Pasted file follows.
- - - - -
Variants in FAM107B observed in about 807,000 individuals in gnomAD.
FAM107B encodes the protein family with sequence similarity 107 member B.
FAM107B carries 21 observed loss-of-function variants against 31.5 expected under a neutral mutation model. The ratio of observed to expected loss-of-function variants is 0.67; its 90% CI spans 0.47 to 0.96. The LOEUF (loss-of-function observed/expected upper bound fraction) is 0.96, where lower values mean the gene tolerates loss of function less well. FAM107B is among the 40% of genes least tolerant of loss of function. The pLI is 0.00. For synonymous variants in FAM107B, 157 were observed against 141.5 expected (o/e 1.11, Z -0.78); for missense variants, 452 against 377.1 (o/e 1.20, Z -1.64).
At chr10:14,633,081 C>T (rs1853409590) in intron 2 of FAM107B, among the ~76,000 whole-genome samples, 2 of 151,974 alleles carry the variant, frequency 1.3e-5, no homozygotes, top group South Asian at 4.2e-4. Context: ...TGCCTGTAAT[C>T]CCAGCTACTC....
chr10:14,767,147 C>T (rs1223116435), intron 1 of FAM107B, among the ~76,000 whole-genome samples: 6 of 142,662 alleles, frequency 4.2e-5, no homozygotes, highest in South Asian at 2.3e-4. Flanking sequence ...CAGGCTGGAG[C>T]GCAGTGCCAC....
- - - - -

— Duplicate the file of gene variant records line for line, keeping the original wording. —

Variants in FAM107B observed in about 807,000 individuals in gnomAD.
FAM107B encodes the protein family with sequence similarity 107 member B.
FAM107B carries 21 observed loss-of-function variants against 31.5 expected under a neutral mutation model. The ratio of observed to expected loss-of-function variants is 0.67; its 90% CI spans 0.47 to 0.96. The LOEUF (loss-of-function observed/expected upper bound fraction) is 0.96, where lower values mean the gene tolerates loss of function less well. FAM107B is among the 40% of genes least tolerant of loss of function. The pLI is 0.00. For synonymous variants in FAM107B, 157 were observed against 141.5 expected (o/e 1.11, Z -0.78); for missense variants, 452 against 377.1 (o/e 1.20, Z -1.64).
At chr10:14,633,081 C>T (rs1853409590) in intron 2 of FAM107B, among the ~76,000 whole-genome samples, 2 of 151,974 alleles carry the variant, frequency 1.3e-5, no homozygotes, top group South Asian at 4.2e-4. Context: ...TGCCTGTAAT[C>T]CCAGCTACTC....
chr10:14,767,147 C>T (rs1223116435), intron 1 of FAM107B, among the ~76,000 whole-genome samples: 6 of 142,662 alleles, frequency 4.2e-5, no homozygotes, highest in South Asian at 2.3e-4. Flanking sequence ...CAGGCTGGAG[C>T]GCAGTGCCAC....